Lax oversight in the U.S. Postal Service's Enterprise Technology Services Program prevents the agency from tracking or measuring the operation's results, according to an inspector general's report.

The enterprise services program, created in 2009, awards four information technology service contracts — otherwise known as task orders — as a means of encouraging competition and innovation among its suppliers.

A task order is a request for an individual purchase that is part of a larger contract.

But a July 18 report by the agency inspector general says the Postal Service has no way of knowing how to make sure competition always exists in the program.

According to the report, what the post office claims is a competitive process in fact results in competitive bidding only 37 percent of the time. The IG's office does not know why 59 percent of the winning bidders won a total of $71.5 million. In addition, only 14 percent — or $5.7 million — of the task orders awarded that were deemed appropriate were actually reported as such to management.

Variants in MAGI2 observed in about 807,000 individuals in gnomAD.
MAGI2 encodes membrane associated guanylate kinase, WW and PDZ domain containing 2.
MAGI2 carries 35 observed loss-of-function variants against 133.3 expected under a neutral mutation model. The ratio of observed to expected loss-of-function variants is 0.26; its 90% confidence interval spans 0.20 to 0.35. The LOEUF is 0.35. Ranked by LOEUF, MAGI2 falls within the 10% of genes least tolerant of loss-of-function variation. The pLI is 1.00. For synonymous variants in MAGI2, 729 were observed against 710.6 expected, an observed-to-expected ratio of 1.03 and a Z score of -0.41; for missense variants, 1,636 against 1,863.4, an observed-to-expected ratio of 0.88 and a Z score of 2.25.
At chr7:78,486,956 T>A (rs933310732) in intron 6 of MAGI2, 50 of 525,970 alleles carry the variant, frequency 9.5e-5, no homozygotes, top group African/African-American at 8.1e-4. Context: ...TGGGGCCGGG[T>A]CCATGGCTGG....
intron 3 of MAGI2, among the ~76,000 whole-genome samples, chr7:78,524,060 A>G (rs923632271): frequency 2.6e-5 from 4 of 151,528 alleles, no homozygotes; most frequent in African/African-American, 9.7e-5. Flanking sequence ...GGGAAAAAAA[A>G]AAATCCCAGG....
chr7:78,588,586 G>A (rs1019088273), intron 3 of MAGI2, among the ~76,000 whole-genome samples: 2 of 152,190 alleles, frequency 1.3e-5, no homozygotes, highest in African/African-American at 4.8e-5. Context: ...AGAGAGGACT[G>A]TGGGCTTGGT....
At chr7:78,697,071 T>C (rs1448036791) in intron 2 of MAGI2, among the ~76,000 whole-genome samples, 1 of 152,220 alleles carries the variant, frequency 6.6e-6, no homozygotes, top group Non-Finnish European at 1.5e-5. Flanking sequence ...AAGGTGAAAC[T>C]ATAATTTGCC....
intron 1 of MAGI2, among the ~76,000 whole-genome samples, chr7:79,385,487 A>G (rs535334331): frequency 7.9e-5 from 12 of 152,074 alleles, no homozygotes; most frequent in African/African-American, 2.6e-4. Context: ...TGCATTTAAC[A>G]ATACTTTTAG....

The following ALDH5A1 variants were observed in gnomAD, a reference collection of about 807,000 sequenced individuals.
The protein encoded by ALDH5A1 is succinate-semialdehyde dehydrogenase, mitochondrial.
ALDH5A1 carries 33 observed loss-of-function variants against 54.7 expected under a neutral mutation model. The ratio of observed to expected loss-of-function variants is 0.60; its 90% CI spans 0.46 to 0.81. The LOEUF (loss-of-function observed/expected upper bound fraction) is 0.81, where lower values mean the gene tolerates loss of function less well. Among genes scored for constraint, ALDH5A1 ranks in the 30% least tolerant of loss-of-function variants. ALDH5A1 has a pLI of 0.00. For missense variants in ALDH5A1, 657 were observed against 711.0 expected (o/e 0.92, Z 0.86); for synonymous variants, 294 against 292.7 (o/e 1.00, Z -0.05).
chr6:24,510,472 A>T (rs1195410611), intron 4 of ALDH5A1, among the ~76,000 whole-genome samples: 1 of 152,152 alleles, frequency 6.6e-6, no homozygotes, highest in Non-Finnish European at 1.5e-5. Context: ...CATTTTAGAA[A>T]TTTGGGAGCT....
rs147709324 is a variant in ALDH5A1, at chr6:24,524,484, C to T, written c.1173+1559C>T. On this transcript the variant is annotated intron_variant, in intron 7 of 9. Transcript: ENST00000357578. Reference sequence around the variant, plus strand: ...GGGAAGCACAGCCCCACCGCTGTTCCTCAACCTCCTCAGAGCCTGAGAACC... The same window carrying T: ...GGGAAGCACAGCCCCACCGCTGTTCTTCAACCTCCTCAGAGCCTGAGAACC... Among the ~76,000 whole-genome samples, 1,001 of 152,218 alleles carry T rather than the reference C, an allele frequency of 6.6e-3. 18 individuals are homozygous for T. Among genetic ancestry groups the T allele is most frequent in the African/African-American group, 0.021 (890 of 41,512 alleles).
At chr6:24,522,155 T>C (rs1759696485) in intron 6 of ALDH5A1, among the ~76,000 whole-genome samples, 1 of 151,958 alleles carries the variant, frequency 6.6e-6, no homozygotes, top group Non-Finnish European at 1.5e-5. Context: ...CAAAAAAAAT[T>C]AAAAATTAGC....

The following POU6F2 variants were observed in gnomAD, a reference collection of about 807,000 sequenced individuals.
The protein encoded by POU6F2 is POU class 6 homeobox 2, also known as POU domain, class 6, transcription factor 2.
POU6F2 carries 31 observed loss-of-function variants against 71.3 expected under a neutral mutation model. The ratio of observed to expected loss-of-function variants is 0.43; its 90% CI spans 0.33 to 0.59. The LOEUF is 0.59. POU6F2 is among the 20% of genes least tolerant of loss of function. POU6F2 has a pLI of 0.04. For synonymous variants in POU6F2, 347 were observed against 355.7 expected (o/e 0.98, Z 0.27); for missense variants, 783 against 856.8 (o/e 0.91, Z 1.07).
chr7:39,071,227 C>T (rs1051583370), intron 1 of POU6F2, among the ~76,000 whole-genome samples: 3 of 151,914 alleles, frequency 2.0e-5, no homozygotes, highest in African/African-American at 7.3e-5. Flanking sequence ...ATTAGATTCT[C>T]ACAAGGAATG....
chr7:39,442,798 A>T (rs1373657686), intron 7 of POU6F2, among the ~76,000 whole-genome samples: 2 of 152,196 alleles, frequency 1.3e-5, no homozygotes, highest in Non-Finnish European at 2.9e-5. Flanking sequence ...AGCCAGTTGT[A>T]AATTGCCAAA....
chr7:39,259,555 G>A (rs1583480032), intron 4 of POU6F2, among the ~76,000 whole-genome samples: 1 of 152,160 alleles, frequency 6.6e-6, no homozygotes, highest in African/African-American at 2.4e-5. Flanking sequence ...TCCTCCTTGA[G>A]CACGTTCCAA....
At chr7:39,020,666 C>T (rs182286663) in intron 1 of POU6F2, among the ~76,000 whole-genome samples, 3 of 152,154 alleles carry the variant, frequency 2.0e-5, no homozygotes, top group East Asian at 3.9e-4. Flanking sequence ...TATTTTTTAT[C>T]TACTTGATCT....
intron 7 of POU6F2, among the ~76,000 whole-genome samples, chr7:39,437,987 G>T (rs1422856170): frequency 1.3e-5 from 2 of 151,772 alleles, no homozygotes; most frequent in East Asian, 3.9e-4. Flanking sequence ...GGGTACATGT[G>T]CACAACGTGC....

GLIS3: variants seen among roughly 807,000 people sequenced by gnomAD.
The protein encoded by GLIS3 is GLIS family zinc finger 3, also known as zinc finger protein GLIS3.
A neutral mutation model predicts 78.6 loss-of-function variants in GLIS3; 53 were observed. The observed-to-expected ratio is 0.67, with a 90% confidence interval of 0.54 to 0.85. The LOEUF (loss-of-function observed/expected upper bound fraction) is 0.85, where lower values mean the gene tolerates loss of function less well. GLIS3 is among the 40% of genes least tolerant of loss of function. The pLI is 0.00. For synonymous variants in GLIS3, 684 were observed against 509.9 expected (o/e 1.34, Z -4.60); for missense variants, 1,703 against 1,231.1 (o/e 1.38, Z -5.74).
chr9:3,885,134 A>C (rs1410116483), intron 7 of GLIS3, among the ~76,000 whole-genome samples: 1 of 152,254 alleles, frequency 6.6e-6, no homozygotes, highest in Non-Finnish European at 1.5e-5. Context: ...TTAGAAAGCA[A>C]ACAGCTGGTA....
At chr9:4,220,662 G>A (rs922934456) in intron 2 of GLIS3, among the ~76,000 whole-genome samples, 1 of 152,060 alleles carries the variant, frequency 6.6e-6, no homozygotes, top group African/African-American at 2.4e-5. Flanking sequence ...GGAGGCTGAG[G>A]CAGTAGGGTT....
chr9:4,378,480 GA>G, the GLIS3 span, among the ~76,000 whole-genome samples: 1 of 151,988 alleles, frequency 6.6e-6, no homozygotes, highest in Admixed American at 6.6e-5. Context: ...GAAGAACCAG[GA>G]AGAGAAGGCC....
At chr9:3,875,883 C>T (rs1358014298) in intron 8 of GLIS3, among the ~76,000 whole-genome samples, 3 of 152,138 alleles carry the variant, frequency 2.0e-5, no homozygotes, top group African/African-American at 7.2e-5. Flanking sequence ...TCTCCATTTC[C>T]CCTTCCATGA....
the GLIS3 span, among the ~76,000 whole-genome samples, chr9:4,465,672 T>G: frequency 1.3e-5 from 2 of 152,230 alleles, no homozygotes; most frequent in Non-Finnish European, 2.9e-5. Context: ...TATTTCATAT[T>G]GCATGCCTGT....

Sixty-two of the 301 task orders called into question were for $1 million or more.

The IG said the Postal Service's responses to the IG's recommendations will help solve the problems.